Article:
By Ben (BR) Cohen
Civil Eats • Sept. 7, 2012
Just a few years ago there were but a smattering of “networks that allow regional growers to collaborate on marketing and distribution,” as Grist writer Claire Thompson observed, “networks that include a broad range of operations, from multi-farm CSAs to Craigslist-like virtual markets where buyers and producers can connect.”
Today, news stories about such food hubs are as frequent as a retweeted Mark Bittman article. With a big-tent definition, the USDA lists over 160 in operation from non-profits to private for-profit models. The East Coast is in the vanguard; New York, Virginia, North Carolina, and Vermont host the most. More remarkable than their media-worthy increase in numbers, is that food hubs are a wonderful example of the best face of the food movement’s transition beyond an earlier focus on labeling, markets, and matters of quantity, toward broader cultural issues of justice, sovereignty, and community.
With the USDA trumpeting and a growing number of community and food policy planners discussing them, hubs are deserving of praise for two substantial reasons: One has been duly noted, the new models’ focus on economics and supply that fill a “missing link” or a “missing middle” in local food infrastructure.
But in their best form hubs are more than economic catalysts and efficient truck routes. They are community organizers. And this second innovation is where the praise should be louder. As much as they pioneer the replacement of lost distribution infrastructure, food hubs are civic leaders, entities that operate educational farms, address food deserts, attend to the socio-economic barriers to going organic, promote philanthropic aims, and provide job training. It’s this civic community-building character of food hubs that truly shows their forward thinking.
Closest to my home in Pennsylvania’s Lehigh Valley, Common Market’s mission-driven model is making good inroads around Philadelphia. Founded by Tatiana Garcia-Granados, Haile Johnston, and Bob Pierson in 2008, the hub works to build capacity “with farmers and institutional food service at either end of the food supply chain,” as Johnston told me. One that stands out nationally for integrating community and environmental goals is another non-profit, Local Food Hub, in Charlottesville, VA.
Started in 2009 by Marissa Vrooman and Kate Collier, Local Food Hub has come to redefine the very meaning of distribution in more justice-promoting ways as they devised a new way to aggregate and distribute food. It’s for good reason that they’ve become oft-referenced darlings of Kathleen Merrigan’s USDA push to rebuild local infrastructure.
It’s not just that Local Food Hub brings in food from over 70 area farms and distributes it out to more than 150 locations—hospitals, schools, restaurants, etc.—increasing sales, boosting farmer security, and adding local food bounty to the area. It’s that with the help of their educational farm at Maple Hill (leased to them by Dave Matthews, as it were) they’ve become a community leader.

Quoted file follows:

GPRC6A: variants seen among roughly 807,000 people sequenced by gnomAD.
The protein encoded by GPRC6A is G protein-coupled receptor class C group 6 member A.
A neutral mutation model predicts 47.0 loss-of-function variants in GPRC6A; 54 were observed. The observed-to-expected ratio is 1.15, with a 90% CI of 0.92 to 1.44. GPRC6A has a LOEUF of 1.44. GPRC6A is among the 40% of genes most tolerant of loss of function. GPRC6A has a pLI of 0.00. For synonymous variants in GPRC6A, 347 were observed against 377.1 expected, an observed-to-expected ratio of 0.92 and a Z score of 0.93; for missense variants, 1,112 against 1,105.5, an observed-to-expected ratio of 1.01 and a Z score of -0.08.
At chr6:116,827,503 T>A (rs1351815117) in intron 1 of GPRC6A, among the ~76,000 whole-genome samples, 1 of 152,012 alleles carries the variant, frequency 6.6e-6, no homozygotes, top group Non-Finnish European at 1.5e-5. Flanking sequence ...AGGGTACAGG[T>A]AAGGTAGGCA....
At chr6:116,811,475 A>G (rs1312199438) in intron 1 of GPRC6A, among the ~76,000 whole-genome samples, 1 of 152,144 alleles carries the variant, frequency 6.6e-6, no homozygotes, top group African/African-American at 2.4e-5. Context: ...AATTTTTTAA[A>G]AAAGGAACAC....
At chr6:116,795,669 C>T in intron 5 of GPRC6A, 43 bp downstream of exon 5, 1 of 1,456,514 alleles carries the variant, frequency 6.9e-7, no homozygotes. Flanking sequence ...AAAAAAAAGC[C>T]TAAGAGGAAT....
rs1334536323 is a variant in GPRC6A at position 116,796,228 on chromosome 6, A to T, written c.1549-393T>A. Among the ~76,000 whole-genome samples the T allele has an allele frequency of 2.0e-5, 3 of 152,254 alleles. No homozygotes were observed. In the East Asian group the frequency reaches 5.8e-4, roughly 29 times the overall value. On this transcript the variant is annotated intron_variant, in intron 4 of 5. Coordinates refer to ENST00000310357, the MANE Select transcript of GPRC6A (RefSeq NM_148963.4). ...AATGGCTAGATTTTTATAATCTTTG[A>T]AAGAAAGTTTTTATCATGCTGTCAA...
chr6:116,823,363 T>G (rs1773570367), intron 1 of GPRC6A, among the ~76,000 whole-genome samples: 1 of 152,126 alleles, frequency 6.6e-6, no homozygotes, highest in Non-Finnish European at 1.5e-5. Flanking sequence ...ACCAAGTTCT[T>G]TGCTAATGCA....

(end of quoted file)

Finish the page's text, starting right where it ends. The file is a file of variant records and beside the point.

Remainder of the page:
Just this year, they’ve helped the Boys and Girls club operate its own farmers’ market, run by the kids and for their families. Its staff works on farm-to-school initiatives with area schools. At Maple Hill they host workshops on topics ranging from season extension to beekeeping to soil management. They recently partnered with another non-profit, the International Rescue Committee, to provide “refugees paid work opportunities coupled with intensive hands-on farm training and education.”
They host crop mobs, install raised bed gardens in low-income neighborhoods, help new canning initiatives, donate 25 percent of their food to food banks. No small wonder their Director of Outreach and Development, Emily Manley, is over-taxed, laboring under a deceptively straightforward title. Her job is more like that of an environmentally astute community organizer.
Recent arguments by leading food reform advocates offer complementary evidence of just this kind of on-the-ground growth toward food justice, sovereignty, security, and workers’ rights. We hear it from policymakers at various levels, from journalists like Barry Estabrook and Tracie McMillan, and from grounded research compiled in books like Food Justice and Cultivating Food Justice. They’re all arguing that food reform can be a means for social betterment, not just an end unto itself. If the accomplishment of the local food movement’s prior decade has been labels, stores, markets, economic models, and increasing quantity, the turn towards food justice helps put the focus on how we live, not just what we eat.
All of this lends credence to a call for highlighting the community-building ends food can serve. It’s the task before us in the Lehigh Valley as we think about the availability of fresh food for the next generation. As our local Buy Fresh, Buy Local chapter creates a Fresh Food Access Plan intended to lead the way towards 2030, we may or may not find that a food hub fits the regional context, but if we do it will owe much to the better part of local food popularity that has turned its attention to pursuing local food as a means to broader civic ends.
It’s a hopeful sign to see food hubs getting their due praise, but we should laud them for their civic leadership alongside their prowess as packing house depots. They too, like community gardens and urban farms, may help us rebuild lost communities, not just lost infrastructure.